Allow us, if you will, a short time to celebrate. As big fans of the point-and-click genre we%26rsquo;re always praying for a good graphic adventure, and while this isn%26rsquo;t quite what we had in mind there%26rsquo;s plenty of reason to rejoice. Deck 13 is an established adventure game developer and their latest project is an RPG with all the charm of their usual work. It%26rsquo;s bright, it%26rsquo;s bold and it%26rsquo;s clean which is just what we%26rsquo;ve been craving. As much as we love Marcus Fenix and his muscle-y friends, there%26rsquo;s only so much grey we can take, so a vibrant fantasy world is a welcome respite.
Venetica tells the tale of Scarlett, the secret daughter of Death. It happens that Death isn%26rsquo;t an everlasting skeletal being but a common man elected by council whenever there%26rsquo;s a vacancy, and when Victor, the next in line, begins to study necromancy and other evils (more evil than Death? Really?), he is thrown out and an opening is created. Scarlett, upon inheriting her father%26rsquo;s powers, is the only person who can defeat the now undead Victor. Some extremely hammy voice acting aside, Venetica is a game we%26rsquo;re very excited about. In terms of presentation the game is reminiscent of recent Deck 13 adventureAnkh; an art style we don%26rsquo;t see often. When quizzed about the inspirations for Venetica, the game%26rsquo;s producer was quick to drop names such as Fable, Twilight Princess, Baldur%26rsquo;s Gate and, er%26hellip; TV hit Alias. The first sums it up best. Judging by the features we saw this is just like Fable. That%26rsquo;s Fable, not Fable 2, mind.
Chin up, though - a new, better take on Fable is no bad thing. Venetica follows a fairly linear storyline, but there%26rsquo;s plenty of opportunity to alter Scarlett%26rsquo;s progression thanks to branching missions and skill trees which allow you to choose how she develops. Conversations can be directed down whatever route you wish thanks to a comprehensive list of options, and many of the tasks depend on what you say.A revolving day/night cycle is employed to further mix things up. At one point Scarlett is asked to find a certain type of weed. After some digging around it becomes apparent that this particular plant grows only in the moonlight, and so she must search the rooftops at night to find it.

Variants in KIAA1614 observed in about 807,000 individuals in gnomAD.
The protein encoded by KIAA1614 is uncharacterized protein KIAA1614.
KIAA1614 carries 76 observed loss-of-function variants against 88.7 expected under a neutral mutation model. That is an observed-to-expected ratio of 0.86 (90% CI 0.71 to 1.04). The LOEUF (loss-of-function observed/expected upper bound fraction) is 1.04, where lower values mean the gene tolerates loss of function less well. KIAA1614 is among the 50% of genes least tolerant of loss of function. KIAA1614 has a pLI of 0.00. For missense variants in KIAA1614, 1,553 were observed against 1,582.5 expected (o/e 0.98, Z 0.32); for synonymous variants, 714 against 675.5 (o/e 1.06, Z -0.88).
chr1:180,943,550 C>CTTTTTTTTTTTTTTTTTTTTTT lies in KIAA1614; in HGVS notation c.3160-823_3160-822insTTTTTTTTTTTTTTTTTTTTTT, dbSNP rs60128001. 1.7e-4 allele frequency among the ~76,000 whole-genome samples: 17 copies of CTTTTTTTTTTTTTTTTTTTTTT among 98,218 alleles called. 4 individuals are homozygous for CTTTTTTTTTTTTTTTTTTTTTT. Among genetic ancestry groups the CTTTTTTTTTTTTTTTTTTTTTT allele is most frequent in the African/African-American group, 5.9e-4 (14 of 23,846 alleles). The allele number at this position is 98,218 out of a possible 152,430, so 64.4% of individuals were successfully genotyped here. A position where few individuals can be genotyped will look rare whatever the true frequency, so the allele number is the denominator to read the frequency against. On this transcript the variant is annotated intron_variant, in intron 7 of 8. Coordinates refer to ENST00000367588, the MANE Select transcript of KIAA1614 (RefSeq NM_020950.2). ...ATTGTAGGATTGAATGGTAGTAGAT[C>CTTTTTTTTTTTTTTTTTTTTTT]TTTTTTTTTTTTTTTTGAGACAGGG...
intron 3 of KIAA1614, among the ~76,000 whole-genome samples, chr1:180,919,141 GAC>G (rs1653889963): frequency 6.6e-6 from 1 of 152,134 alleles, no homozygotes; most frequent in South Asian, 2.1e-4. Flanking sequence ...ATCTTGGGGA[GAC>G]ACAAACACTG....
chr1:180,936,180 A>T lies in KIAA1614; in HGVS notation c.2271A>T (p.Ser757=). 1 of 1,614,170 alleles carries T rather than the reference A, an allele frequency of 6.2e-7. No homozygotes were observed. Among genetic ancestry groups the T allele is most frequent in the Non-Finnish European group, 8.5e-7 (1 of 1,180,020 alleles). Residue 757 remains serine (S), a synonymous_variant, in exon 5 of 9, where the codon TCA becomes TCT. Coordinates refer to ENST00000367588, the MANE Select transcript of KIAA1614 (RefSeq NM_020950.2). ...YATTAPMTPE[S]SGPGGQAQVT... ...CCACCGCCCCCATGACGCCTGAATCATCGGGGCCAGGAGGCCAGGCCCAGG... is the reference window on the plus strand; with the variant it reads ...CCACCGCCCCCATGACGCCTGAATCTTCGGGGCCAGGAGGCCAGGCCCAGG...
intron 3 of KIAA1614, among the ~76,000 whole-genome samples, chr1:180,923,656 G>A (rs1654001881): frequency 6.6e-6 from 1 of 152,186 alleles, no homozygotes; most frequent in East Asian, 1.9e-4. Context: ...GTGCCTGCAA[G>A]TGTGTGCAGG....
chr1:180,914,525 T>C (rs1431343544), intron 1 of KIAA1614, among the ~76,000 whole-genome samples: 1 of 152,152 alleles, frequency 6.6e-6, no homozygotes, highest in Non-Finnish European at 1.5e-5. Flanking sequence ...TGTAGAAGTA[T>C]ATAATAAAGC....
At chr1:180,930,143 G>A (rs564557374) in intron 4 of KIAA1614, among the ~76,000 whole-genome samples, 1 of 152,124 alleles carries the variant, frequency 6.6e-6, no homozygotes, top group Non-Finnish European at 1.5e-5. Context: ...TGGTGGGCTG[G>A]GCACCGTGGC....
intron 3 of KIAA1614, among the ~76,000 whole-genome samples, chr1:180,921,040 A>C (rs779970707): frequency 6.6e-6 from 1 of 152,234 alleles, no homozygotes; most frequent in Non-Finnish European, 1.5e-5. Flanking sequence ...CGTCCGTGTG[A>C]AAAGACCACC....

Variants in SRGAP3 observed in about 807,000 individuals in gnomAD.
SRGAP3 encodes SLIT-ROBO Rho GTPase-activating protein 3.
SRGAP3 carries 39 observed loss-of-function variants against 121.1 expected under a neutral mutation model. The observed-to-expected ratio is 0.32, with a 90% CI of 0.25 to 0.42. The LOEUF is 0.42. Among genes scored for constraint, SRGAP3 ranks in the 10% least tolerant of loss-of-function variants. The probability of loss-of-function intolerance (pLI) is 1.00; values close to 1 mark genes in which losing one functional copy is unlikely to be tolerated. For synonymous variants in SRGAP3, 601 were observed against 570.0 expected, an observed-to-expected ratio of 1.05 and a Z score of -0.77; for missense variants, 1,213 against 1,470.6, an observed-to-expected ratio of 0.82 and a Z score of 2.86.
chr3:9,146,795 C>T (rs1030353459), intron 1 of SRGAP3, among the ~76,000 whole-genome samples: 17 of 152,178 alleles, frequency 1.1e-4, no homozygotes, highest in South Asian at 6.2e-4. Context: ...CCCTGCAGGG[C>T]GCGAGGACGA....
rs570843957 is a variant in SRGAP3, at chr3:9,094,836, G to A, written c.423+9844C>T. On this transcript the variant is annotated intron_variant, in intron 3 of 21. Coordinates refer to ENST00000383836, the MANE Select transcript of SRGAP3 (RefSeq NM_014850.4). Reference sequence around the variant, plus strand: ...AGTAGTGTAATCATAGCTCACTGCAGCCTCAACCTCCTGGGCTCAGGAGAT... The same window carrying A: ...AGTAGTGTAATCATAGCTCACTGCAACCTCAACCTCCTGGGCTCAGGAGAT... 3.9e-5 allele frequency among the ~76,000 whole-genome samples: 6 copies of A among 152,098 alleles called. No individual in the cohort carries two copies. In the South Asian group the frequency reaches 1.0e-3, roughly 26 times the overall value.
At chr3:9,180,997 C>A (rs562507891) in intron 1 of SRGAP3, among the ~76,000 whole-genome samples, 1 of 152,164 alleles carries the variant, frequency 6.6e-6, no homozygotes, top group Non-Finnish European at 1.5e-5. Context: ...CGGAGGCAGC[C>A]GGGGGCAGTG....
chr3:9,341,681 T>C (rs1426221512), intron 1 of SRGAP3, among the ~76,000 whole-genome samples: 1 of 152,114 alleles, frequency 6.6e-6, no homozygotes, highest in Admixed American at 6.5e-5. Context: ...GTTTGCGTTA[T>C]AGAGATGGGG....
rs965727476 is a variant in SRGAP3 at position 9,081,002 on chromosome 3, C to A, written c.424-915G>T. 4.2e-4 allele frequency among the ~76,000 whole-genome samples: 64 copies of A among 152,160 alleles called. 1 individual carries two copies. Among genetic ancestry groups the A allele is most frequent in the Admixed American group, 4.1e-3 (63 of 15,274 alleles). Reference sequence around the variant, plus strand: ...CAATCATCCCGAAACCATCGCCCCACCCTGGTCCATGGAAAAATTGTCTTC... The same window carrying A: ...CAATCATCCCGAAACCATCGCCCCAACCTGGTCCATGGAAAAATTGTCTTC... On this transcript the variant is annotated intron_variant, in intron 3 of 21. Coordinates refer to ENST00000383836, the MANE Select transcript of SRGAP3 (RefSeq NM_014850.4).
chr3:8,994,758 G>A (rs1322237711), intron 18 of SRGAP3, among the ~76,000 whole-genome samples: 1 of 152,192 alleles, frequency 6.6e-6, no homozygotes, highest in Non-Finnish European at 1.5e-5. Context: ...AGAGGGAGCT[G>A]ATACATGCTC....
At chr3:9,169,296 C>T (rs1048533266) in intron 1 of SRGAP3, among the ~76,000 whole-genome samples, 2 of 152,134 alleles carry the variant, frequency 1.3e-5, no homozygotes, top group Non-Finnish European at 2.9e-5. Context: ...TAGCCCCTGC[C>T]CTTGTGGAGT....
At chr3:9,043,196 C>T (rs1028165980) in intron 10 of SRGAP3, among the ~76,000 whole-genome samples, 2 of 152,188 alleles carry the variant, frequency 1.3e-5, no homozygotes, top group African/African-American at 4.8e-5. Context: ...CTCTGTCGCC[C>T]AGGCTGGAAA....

These rooftops are interesting locations in Venetica; the ladders and makeshift bridges give the heavens a surprisingly labyrinthine quality. Winged demons are always on the prowl, but stumble onto the wrong roof and you could find more than you bargained for. As we watched our guide chase a double-crossing merchant through a pub and onto its roof we lost sight of him for a few seconds. When we eventually caught up he was lying face down, dead, in the starlight. With nothing in sight we began to make our way back to the streets, until the stone lion next to us sprang to life and attacked. Don%26rsquo;t you hate it when that happens...?
It was the perfect opportunity to understand how the combat system works. Like Fable 2, button-mashing will be fine but there%26rsquo;s an underlying complexity for those wanting a little more. Rhythmically tapping the attack button unleashes combo moves, whereas nonsensical hammering will, eventually, lead to her being blocked and countered unless she retreats and rethinks. Weapon choice is key, as well. Attacking the stone lion with a sword proved to be a fruitless task as the steel blade simply bounced off, but a giant hammer made short work of the beast as its face was smashed apart piece by piece. The estimated thirty hours of play isn%26rsquo;t to be sniffed at, for an RPG-lite. Venetica%26rsquo;s looking extremely promising then, but the danger is that by the time it%26rsquo;s ready for release, Fable 2 will have set an unassailable benchmark. For now, Venetica remains an unsual, promising blip on the radar %26ndash; one we%26rsquo;re happy to see shining brightly.
Jul 21, 2008